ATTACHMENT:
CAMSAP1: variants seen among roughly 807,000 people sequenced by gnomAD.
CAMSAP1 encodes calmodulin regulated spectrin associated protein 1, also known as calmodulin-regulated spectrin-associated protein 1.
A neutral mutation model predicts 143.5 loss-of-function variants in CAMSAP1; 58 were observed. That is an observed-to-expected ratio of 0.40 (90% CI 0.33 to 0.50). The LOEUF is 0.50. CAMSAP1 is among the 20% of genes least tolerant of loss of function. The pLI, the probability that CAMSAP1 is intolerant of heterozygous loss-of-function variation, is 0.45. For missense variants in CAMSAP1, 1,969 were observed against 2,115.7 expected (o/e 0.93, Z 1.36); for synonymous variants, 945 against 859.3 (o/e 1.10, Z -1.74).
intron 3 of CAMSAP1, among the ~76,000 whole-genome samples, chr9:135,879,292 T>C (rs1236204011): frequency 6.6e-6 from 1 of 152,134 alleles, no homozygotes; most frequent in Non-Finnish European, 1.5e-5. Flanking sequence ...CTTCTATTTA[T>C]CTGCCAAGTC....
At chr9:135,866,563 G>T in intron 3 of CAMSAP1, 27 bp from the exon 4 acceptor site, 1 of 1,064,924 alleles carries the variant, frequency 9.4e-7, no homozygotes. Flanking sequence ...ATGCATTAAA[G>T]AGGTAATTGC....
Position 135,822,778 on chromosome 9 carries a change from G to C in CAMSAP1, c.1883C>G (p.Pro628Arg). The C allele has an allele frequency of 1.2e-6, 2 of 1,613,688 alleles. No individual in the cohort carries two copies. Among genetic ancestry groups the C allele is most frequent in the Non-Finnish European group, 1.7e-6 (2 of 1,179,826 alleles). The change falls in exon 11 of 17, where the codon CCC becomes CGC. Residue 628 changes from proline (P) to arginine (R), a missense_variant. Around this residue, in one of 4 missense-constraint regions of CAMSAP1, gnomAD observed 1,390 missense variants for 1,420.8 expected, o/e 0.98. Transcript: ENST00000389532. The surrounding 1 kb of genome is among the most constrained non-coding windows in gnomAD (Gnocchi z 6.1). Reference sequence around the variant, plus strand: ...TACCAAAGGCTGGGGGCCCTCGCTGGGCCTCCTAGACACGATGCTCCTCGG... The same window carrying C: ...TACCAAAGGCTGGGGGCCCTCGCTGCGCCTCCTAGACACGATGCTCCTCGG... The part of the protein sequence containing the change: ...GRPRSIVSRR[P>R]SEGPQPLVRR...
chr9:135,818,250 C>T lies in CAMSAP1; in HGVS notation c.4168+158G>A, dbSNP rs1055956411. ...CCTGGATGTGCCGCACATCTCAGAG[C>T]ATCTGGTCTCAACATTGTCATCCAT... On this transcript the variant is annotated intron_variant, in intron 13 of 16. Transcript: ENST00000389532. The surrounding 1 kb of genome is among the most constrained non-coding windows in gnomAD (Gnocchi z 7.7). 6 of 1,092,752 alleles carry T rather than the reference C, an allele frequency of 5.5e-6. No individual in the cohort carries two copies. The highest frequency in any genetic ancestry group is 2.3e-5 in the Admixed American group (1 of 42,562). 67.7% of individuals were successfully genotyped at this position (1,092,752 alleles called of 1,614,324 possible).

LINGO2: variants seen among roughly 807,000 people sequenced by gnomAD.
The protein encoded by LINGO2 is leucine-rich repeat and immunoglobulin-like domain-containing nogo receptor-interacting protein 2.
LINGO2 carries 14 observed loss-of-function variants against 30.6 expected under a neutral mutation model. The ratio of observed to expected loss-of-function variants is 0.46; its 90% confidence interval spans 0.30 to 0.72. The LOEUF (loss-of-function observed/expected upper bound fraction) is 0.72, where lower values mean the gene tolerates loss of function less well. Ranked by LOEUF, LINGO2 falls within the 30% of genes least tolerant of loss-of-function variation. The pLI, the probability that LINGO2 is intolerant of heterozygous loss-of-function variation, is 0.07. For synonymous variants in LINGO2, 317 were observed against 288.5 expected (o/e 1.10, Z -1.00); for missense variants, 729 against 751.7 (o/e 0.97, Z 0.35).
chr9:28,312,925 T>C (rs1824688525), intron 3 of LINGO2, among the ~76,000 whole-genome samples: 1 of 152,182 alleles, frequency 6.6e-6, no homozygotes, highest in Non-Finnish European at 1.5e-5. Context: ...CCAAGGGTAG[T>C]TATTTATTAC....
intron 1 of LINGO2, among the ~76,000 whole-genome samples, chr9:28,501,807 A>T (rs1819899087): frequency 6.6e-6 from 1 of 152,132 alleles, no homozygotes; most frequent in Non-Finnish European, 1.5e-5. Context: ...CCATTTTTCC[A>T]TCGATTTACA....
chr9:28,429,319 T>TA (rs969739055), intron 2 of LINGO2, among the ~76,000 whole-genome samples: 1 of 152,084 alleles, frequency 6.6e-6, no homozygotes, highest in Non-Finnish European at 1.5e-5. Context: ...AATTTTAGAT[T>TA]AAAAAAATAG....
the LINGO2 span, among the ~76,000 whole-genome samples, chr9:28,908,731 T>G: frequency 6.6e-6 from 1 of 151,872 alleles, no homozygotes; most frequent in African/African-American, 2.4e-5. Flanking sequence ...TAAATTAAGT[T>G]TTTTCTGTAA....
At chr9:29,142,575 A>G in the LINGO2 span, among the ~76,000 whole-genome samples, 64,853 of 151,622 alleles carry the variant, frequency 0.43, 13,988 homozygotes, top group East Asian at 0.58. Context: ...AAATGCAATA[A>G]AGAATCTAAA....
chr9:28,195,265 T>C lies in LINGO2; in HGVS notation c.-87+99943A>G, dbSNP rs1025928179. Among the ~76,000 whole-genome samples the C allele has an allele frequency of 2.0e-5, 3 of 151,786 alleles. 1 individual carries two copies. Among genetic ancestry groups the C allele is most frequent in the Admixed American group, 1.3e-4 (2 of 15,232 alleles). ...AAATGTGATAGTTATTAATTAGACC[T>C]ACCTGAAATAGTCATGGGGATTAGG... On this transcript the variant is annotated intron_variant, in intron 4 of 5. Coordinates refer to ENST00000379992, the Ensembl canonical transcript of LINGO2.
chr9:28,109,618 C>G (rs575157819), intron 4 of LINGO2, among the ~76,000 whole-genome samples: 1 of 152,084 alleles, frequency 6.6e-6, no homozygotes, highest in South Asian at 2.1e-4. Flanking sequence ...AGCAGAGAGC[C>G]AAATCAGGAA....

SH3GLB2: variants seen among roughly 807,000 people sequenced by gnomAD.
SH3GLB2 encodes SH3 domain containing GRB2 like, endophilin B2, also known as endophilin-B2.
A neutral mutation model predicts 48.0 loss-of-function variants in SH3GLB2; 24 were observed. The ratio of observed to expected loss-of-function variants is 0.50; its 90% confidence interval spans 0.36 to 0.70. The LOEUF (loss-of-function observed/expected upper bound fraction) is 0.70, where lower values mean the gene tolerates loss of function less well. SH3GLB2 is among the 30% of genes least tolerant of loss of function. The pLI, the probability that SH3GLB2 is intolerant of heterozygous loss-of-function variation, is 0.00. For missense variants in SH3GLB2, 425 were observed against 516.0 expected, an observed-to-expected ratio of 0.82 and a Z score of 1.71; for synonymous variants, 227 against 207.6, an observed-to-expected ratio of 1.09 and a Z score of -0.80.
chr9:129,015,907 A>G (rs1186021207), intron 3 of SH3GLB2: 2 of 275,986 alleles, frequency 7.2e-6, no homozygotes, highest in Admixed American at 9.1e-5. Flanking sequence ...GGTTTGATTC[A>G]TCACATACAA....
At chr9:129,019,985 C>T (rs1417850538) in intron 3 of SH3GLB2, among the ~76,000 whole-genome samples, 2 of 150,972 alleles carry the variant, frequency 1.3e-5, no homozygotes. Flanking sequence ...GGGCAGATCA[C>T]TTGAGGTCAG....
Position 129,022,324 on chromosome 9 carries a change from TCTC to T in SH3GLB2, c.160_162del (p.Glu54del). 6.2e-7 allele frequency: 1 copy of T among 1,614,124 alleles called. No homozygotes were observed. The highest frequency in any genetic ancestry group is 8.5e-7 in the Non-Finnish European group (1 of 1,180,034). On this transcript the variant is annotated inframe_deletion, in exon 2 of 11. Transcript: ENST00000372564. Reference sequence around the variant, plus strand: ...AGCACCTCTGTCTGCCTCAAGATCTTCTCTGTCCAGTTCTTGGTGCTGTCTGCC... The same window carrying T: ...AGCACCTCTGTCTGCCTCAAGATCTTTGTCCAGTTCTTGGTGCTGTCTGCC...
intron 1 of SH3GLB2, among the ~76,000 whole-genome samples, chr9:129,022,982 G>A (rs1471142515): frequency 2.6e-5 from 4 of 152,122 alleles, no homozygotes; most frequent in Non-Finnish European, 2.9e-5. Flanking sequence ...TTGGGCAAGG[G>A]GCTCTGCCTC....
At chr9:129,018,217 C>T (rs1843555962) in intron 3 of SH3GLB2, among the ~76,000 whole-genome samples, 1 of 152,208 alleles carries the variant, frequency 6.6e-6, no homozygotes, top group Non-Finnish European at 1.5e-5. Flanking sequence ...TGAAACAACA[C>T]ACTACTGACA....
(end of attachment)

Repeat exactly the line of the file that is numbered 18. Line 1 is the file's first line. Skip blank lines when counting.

SH3GLB2: variants seen among roughly 807,000 people sequenced by gnomAD.